Autonomous driving may be one of the key technologies and significant developments that will influence and shape our future mobility and quality of life.
Various global challenges like the demographic change, increasing CO2 emissions and the ongoing urbanization are addressed through government programs, European contracts, and worldwide debates.
They all follow one goal: To confront and address these challenges through social and technological developments. Particularly in the field of mobility, there are many opportunities to improve current and future conditions in traffic and transport: Increase safety, efficiency, and comfort, enhance integration of various population groups in mobility concepts, reduction of emissions, and prevention of (fatal) accidents.
The technical development of driver assistance systems has made steady progress so far and has already achieved a number of breakthroughs. Thanks to connected, partly intelligent assistance systems, drivers are already being assisted in many situations and the falling rate of traffic accidents confirms this positive development. However, these – albeit reduced – numbers are still far from the goal of zero accidents.
The next stages in the development of driver and vehicle technology could bring us an enormous step closer to this goal. The opportunities presented by technology make it possible to involve and participate more intensively in a wide variety of user groups. It is therefore extremely important to involve future user groups directly in technology development in order to enable their acceptance and subsequent usage.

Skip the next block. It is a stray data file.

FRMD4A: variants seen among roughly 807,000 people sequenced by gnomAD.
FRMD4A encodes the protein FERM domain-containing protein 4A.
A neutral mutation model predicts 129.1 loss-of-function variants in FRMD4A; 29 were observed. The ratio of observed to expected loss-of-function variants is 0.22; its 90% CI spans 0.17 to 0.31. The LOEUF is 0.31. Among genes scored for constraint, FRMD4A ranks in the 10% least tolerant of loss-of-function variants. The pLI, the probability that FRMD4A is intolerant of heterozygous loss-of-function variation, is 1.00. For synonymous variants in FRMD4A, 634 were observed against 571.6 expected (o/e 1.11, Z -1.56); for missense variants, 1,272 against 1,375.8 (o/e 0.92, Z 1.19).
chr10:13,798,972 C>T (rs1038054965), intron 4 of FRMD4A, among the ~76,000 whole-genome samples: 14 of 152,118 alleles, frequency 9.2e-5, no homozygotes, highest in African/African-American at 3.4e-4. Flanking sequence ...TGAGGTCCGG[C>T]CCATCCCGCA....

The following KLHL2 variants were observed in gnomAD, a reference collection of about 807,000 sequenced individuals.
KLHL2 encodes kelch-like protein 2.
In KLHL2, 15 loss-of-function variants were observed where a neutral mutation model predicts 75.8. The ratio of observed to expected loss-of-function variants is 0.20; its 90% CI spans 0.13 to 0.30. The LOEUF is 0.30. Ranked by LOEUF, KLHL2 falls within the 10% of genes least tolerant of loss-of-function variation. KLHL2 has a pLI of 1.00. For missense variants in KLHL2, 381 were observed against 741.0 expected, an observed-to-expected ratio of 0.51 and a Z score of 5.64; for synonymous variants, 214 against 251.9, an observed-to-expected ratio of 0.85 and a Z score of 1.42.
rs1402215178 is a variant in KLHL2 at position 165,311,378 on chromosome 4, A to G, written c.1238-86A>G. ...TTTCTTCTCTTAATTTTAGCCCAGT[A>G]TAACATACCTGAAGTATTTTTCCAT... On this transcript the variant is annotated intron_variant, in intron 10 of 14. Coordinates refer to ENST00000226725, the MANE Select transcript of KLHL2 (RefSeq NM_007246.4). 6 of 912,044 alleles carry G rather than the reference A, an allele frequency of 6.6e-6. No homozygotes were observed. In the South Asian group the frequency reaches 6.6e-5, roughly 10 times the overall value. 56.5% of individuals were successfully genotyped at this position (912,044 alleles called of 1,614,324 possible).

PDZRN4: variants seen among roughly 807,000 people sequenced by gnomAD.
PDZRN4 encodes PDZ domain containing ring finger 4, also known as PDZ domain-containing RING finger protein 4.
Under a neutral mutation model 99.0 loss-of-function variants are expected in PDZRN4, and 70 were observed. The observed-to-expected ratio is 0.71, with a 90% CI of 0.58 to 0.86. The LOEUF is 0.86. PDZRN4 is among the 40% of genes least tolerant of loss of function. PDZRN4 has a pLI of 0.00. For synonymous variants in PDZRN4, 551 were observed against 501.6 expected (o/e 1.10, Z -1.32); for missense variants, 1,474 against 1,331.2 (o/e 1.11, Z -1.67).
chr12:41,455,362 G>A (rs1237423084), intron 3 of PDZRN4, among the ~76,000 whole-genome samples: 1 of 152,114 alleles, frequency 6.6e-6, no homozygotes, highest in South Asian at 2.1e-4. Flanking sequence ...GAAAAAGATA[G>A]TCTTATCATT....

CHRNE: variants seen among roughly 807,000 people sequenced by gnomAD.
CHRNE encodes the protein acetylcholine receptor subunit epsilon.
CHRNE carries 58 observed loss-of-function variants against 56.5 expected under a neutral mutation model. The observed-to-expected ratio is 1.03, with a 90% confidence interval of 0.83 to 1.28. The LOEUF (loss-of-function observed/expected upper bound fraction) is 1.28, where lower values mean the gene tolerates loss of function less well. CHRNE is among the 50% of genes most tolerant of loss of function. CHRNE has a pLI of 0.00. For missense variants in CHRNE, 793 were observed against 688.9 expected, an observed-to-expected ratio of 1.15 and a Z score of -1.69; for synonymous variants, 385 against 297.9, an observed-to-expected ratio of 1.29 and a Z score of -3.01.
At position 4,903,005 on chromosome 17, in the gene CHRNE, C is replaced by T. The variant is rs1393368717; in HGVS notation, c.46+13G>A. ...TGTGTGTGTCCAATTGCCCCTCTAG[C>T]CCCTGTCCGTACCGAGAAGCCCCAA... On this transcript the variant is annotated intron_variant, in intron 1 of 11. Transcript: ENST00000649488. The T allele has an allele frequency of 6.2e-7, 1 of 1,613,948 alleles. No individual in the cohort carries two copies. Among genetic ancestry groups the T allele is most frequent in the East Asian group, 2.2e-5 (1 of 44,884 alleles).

This work is therefore an important contribution to the inclusion of the socio-psychological perspective on autonomous driving and evaluates holistic opportunities and barriers for the introduction to daily mobility. With a multi-tiered research concept, research questions towards opportunities and barriers of the technology are answered and discussed. A thematic deep-dive in data security and privacy shows the dependency of the traffic situation and context of technology usage. Further, a comparison of different driving technologies shows the technology influence of risk perception of diverse user groups.
The lessons learned:
The meta-view on user-diversity shows the situational, contextual and technological dependency. An overall agreement and intention to drive autonomously has been identified, as well as the individual attitude towards privacy as the biggest obstacle.
Humans in Cars. Users’ Journey Towards Autonomous Driving
On this journey, an awareness of the major mobility challenges was raised. In future, the intelligent vehicle technologies will represent new solutions for more mobility, safety, and efficiency in road traffic. The aim of this work is to identify and quantify user factors relevant for technology acceptance with a multi-stage empirical procedure. The simultaneous examination of the automation level, the situation, and the context, established that a requirement-oriented mobility must create individual offers with a transparent communication and information strategy.